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By Marshall Connolly, Catholic Online (NEWS CONSORTIUM)

6/27/2013 (1 year ago)

Catholic Online (www.catholic.org)

Final phase of the mission could last forever.

Last year, scientists working with the Voyager I spacecraft excitedly announced that the craft had passed out of the solar system after 35 years of flight. Today, they are not so sure, but they are certain they are about to pass a final key milestone sometime soon.

The most important part of the Voyager mission may be to serve as an ambassador to other intelligent life out there by delivering this record, should it exist.

The most important part of the Voyager mission may be to serve as an ambassador to other intelligent life out there by delivering this record, should it exist.

Highlights

By Marshall Connolly, Catholic Online (NEWS CONSORTIUM)

Catholic Online (www.catholic.org)

6/27/2013 (1 year ago)

Published in Technology

Keywords: Voyager, mission, heliopause, solar system, sun, solar wind, interstellar, mission


LOS ANGELES, CA (Catholic Online) - At 11.5 billion miles away, the Voyager I spacecraft has spent almost 36 years in flight and is still going strong despite its age and distance. Voyager I is the farthest man-made object from Earth and continues to sail at a stately 38,000 miles per hour.

Last July, scientists detected a sudden drop in the number of charged particles encountered by the satellite. This was one of the expected signs that Voyager had left the solar system. However, the drop in the particles, collectively known as the solar wind, was only temporary. The wind resumed days later, then dropped again in mid-August. Finally, on August 25 the solar wind dropped to zero, and has remained there ever since. However, this was only one expected sign the craft had exited the solar system.

Scientists expected the other sign would be a change in the orientation of the magnetic field from the customary Sun-oriented direction to something essentially unknown once the craft encountered interstellar space. Scientists expected the two events to coincide because the solar wind follows the sun's magnetic field.

Yet, despite the drop in the solar wind, the magnetic field persists.

This persistence makes it debatable whether or not Voyager has actually left the solar system. However, everyone agrees the craft is very near the boundary, if it has not crossed it yet.

One of the mission goals of the Voyager spacecraft is to determine what happens at the edge of the solar system, and to discern what it can of the nature of interstellar space - the space where no single star has influence.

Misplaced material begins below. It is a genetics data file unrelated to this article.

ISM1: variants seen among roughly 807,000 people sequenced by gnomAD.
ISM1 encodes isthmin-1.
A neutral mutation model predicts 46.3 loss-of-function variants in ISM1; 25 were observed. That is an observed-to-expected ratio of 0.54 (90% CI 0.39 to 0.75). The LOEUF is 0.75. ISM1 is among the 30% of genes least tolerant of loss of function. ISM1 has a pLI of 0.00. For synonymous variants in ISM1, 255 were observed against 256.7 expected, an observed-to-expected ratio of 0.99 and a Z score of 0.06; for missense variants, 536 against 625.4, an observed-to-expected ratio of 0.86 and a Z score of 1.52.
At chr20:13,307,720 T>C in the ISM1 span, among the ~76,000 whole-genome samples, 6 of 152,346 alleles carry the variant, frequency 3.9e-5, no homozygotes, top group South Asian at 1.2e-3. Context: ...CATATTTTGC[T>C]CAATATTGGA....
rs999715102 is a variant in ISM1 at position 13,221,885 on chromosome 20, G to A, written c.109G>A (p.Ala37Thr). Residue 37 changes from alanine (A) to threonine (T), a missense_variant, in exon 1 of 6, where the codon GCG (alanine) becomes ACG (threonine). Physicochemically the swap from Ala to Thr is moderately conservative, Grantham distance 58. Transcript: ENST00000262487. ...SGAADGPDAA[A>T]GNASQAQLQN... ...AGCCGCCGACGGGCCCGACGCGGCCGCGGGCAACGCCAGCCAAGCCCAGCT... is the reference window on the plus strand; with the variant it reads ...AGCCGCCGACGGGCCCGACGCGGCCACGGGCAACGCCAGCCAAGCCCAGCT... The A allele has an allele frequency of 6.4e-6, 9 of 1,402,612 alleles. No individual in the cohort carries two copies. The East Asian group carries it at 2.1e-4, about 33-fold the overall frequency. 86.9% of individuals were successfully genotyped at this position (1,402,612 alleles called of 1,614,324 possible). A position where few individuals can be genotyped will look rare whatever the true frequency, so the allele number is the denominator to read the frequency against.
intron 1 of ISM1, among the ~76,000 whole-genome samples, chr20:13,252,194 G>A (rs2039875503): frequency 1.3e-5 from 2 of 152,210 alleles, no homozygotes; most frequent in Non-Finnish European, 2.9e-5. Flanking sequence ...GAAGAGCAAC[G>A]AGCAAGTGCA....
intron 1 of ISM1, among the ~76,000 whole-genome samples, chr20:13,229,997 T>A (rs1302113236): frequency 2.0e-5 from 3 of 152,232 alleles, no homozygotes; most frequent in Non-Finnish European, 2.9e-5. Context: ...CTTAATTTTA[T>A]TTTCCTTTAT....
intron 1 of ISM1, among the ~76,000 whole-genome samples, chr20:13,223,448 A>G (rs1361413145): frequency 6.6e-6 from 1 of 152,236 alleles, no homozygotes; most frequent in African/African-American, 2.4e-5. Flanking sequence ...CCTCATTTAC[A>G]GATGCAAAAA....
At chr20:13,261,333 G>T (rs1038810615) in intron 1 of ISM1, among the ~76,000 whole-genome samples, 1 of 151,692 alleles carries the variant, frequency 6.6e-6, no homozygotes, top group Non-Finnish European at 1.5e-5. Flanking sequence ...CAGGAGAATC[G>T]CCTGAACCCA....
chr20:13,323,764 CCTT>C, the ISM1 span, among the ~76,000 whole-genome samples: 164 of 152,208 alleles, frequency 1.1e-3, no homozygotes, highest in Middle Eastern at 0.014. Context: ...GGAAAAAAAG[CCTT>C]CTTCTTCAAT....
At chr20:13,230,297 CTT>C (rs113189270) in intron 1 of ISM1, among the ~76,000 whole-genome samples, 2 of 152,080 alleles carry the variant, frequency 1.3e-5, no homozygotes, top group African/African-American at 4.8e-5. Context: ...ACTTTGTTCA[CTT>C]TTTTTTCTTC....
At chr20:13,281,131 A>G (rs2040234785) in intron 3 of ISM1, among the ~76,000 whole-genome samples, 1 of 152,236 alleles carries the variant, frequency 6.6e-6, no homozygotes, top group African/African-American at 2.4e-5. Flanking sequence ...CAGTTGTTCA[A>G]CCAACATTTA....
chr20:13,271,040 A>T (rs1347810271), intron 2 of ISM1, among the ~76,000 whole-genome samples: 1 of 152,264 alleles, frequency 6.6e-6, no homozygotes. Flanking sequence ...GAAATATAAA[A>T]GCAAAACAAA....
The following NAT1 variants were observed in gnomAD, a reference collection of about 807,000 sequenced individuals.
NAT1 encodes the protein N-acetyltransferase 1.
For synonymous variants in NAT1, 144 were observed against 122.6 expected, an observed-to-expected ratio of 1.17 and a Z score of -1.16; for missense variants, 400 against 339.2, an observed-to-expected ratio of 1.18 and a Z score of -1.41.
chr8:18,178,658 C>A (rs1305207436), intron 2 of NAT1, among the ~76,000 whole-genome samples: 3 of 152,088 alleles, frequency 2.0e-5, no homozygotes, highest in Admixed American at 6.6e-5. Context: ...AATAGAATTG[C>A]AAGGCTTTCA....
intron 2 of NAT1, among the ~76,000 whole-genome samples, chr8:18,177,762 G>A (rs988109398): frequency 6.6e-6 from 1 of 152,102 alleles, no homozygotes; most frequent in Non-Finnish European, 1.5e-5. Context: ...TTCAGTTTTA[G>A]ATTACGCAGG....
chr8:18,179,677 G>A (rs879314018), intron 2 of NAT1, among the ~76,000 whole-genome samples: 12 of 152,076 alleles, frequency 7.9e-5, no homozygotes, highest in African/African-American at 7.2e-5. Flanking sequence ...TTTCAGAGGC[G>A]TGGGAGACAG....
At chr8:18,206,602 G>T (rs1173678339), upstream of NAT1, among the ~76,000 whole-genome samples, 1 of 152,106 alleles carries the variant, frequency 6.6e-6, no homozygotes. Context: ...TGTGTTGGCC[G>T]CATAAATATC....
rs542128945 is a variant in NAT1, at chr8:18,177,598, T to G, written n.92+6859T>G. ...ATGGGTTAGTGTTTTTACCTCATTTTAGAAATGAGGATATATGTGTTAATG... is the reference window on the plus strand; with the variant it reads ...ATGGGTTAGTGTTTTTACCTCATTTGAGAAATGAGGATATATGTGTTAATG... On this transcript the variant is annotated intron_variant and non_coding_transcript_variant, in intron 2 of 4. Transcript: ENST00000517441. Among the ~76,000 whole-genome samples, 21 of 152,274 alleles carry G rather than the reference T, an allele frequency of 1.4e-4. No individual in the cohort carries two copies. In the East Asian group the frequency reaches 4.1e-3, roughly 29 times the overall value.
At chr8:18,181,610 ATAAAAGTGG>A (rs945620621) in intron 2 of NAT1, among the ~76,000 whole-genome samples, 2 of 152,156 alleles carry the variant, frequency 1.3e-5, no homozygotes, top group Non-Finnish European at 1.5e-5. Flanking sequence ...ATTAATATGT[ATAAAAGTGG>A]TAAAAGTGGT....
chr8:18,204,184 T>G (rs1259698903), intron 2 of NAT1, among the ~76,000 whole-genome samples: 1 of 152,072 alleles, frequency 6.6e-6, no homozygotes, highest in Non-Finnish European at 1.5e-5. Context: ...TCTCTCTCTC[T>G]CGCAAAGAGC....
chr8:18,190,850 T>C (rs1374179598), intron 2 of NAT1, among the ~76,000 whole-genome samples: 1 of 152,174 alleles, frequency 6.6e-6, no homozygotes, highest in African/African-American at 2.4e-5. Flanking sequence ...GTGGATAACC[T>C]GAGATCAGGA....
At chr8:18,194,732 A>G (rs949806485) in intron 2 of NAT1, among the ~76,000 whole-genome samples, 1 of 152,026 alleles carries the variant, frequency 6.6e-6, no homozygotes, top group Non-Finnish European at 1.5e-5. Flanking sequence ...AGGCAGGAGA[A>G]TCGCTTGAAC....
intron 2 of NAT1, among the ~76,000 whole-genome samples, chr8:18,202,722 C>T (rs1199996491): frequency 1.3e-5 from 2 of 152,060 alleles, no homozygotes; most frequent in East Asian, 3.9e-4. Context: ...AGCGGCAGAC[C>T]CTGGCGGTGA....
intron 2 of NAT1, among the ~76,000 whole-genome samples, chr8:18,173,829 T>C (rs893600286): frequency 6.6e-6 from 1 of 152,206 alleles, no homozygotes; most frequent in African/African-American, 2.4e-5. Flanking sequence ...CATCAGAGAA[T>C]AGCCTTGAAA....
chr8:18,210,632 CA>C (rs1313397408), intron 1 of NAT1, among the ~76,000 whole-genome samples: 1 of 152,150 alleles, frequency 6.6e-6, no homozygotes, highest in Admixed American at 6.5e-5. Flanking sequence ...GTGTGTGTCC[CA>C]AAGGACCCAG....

Already the craft is so far away that if it were to photograph the Sun, it would appear as no more than a bright point of light against the vast stellar panorama of the Milky Way.

Engineers deliberately designed Voyager for this long-term mission into the void of space, complete with a plutonium power plant that is expected to power the craft at least until 2020, or perhaps much longer. Scientists intend to study data sent back by the craft as long as it remains powered.

The computer on board Voyager was state of the art in 1977. At launch, it featured a whopping 68 kilobits of memory on a ribbon like those used on 8-track cassettes. By comparison, an iPhone uses 512 megabytes of memory, an iPad over one million (1GB), and the latest smartphones two million (2GB).

The spacecraft has used this ribbon of memory daily for almost 36 years, writing and rewriting as needed to carry out its mission. With this ribbon, Voyager has discovered moons around Jupiter, photographed the majestic rings of Saturn, and now breaks the barrier at the edge of the solar system.

When Voyager will encounter the last vestigial influence of the Sun remains to be seen, but scientists are expecting the news to come back any day now. They confess, the data does not perfectly match their predictions, yet they still expect the fateful measurement to register within the next several months to years, at the latest.

When that happens, Voyager will begin the final and most lengthy phase of its mission - its interstellar phase. That phase will last from 40,000 years to anytime beyond. At 40,000 years out, Voyager 1 will pass within 1.6 light-years of the star, Gliese 445 a red-dwarf star in the constellation Camelopardalis, near the more commonly recognized star Polaris, as seen from Earth.  No life is expected to exist around this star as it is thought to be too dim to support it.

Nonetheless, Voyager I has a mission. On board the craft is a golden record onto which photos and the sounds of life on Earth have been recorded. Any intelligent beings which locate the craft will discover a map, guiding them to Earth's location in the solar system and proof that intelligent life is out there, waiting for a response, in the great galactic void.

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